Apple's planned release of a 12.9-inch display iPad aimed at the enterprise won't come til early 2015, according to a report by the Wall Street Journal.
Sources familiar with Apple's display supply chain told the publication that production of the larger iPad was due to start in December. However, as the company is struggling to meet demand for the 5.5-inch iPhone 6 Plus, with output remaining "unsatisfactory", production of the 12,9-inch iPad is being impacted. It will now begin at the start of next year, the WSJ said.
Rumours of an iPad with a larger display iPad than the existing 7.9 and 9.7-inch inch models emerged in August. The plan then, according to Bloomberg's initial report, was to begin producing a bigger iPad in early 2015, so the extent of the delay to its production is hard to quantify.
Nonetheless, according to the Wall Street Journal, Foxconn, which makes the iPad and iPhone, is scrambling to meet the production schedule for Apple's phablet.
The iPad is Apple's second largest source of revenue behind the iPhone, accounting for around 35 percent of its third quarter 2014 revenues. However, iPad sales have been waning as demand slips in developed countries without being offset in emerging markets.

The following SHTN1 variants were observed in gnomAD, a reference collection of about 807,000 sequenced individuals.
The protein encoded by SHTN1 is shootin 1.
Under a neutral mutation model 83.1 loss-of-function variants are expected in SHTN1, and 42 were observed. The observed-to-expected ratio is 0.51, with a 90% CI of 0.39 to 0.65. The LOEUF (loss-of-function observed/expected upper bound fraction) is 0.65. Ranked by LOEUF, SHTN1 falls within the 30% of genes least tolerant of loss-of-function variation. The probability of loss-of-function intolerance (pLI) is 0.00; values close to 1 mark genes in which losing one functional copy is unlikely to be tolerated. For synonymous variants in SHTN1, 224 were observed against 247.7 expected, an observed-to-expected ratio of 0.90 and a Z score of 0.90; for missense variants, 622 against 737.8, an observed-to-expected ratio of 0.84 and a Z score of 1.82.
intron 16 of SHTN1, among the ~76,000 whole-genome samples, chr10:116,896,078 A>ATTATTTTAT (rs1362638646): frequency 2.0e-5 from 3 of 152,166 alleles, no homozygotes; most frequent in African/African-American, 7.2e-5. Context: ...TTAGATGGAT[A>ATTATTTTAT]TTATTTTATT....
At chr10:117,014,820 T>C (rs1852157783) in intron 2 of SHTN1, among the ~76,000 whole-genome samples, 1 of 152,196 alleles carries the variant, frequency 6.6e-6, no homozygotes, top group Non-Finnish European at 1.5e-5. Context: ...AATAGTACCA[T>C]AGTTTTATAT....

A bigger iPad could help fill that void by tapping the higher-value enterprise market, where the iPad still dominates among tablets. However, tablet penetration in businesses overall remains low.
The 12.9-inch iPad could be tied in with the Apple and IBM partnership announced earlier this year, which will see the companies build over 100 enterprise apps for key verticals and bring across IBM's cloud services across device management, security, analytics and of course Watson, with Big Blue pushing hard to gain traction with mobile developers and enterprise for the cognitive computing system.
Next week Apple will round out its hardware line up for 2014 at an event at its headquarters in Cupertino. It's expected to announce its next generation of iPads as well as new Mac models and general availability for OS X Yosemite. The launch of the new desktop OS will also put the finishing touches to features in iOS 8, such as Continuity, which lets users complete tasks across iOS and Mac devices.
The other piece of unfinished business is Apple Pay, which was announced at the iPhone 6 launch in September, but won't launch in the US until later this month.
Apple watchers have noticed that iOS 8 adoption rates have been slower than iOS 7. Besides Apple's embarrassing update iOS 8.0.1, which borked the phone function in new iPhone 6 and 6 Plus devices, the over the air (OTA) update for iOS 8 isn't as seamless as previous years, requiring 5GB of space to complete the OTA install.
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